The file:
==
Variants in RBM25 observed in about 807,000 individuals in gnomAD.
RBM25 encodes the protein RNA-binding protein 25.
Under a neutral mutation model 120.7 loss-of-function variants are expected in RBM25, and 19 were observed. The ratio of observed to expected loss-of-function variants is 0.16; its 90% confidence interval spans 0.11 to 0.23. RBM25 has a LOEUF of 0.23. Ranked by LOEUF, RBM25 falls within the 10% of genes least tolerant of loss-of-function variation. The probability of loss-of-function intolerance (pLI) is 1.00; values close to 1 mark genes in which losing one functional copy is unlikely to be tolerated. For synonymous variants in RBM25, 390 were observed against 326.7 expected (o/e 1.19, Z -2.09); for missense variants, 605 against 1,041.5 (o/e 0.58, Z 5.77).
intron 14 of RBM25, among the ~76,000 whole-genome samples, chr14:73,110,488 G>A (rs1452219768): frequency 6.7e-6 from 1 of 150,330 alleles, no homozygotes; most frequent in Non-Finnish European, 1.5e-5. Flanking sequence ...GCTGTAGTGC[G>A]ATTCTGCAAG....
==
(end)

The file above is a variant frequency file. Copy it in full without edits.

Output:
Variants in RBM25 observed in about 807,000 individuals in gnomAD.
RBM25 encodes the protein RNA-binding protein 25.
Under a neutral mutation model 120.7 loss-of-function variants are expected in RBM25, and 19 were observed. The ratio of observed to expected loss-of-function variants is 0.16; its 90% confidence interval spans 0.11 to 0.23. RBM25 has a LOEUF of 0.23. Ranked by LOEUF, RBM25 falls within the 10% of genes least tolerant of loss-of-function variation. The probability of loss-of-function intolerance (pLI) is 1.00; values close to 1 mark genes in which losing one functional copy is unlikely to be tolerated. For synonymous variants in RBM25, 390 were observed against 326.7 expected (o/e 1.19, Z -2.09); for missense variants, 605 against 1,041.5 (o/e 0.58, Z 5.77).
intron 14 of RBM25, among the ~76,000 whole-genome samples, chr14:73,110,488 G>A (rs1452219768): frequency 6.7e-6 from 1 of 150,330 alleles, no homozygotes; most frequent in Non-Finnish European, 1.5e-5. Flanking sequence ...GCTGTAGTGC[G>A]ATTCTGCAAG....